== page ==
The Assessment of Left Ventricular Time-Varying Radius Using Tissue Doppler Imaging


fardin Mirbolouk 1 , Hassan Moladoust 1 , * , Vahid Nikseresht 1 , Bijan Shad 1 , Zahra Ojaghi-Haghighi 2 , Mohammad Assadian Rad 1

1 Guilan University of Medical Sciences, Heshmat Cardiovascular Research Center, Rasht, Guilan, Iran

2 Department of Echocardiography, Shaheed Rajaei Cardiovascular Medical and Research Center, Tehran University of Medical Sciences, Tehran, Iran

How to Cite: Mirbolouk F, Moladoust H, Nikseresht V , Shad B , Ojaghi-Haghighi Z , et al. The Assessment of Left Ventricular Time-Varying Radius Using Tissue Doppler Imaging, Int Cardio Res J. 2017 ; 6(1):e12843.


International Cardiovascular Research Journal: 6 (1); e12843
Published Online: September 30, 2012
Article Type: Research Article
Received: May 17, 2017
Accepted: February 07, 2012


Background: Left ventricular twist/torsion is believed to be a sensitive indicator of systolic and diastolic performance. To obtain circumferential rotation using tissue Doppler imaging, we need to estimate the time-varying radius of the left ventricle throughout the cardiac cycle to convert the tangential velocity into angular velocity.

Objectives: The aim of this study was to investigate accuracy of measured LV radius using tissue Doppler imaging throughout the cardiac cycle compared to two-dimensional (2D) imaging.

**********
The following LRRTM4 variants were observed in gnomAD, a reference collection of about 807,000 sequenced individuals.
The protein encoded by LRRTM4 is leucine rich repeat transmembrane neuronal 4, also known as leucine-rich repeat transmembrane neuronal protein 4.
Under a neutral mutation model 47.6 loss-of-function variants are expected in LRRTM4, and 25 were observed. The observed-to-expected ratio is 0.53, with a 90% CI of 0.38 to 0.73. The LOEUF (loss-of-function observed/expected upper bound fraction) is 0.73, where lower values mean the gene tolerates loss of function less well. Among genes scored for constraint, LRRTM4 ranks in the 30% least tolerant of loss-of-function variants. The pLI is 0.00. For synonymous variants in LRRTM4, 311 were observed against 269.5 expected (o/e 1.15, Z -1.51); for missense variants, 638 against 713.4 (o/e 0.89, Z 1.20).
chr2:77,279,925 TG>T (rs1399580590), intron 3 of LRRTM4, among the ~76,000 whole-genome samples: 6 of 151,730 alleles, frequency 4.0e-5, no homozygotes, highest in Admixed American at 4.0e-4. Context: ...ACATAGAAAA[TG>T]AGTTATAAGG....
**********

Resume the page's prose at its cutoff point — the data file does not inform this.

Methods: A total of 35 subjects (47±12 years old) underwent transthoracic echocardiographic standard examinations. Left ventricular radius during complete cardiac cycle measured using tissue Doppler and 2D-imaging at basal and apical short axis levels. For this reason, the 2D-images and velocity-time data derived and transferred to a personal computer for off-line analysis. 2D image frames analyzed via a program written in the MATLAB software. Velocity-time data from anteroseptal at basal level (or anterior wall at apical level) and posterior walls transferred to a spreadsheet Excel program for the radius calculations. Linear correlation and Bland-Altman analysis were calculated to assess the relationships and agreements between the tissue Doppler and 2D-measured radii throughout the cardiac cycle.

Results: There was significant correlation between tissue Doppler and 2D-measured radii and the Pearson correlation coefficients were 0.84 to 0.97 (P<0.05). Bland-Altman analysis by constructing the 95% limits of agreement showed that the good agreements existed between the two methods.

Conclusion: It can be concluded from our experience that the tissue Doppler imaging can reasonably estimate radius of the left ventricle throughout the cardiac cycle.




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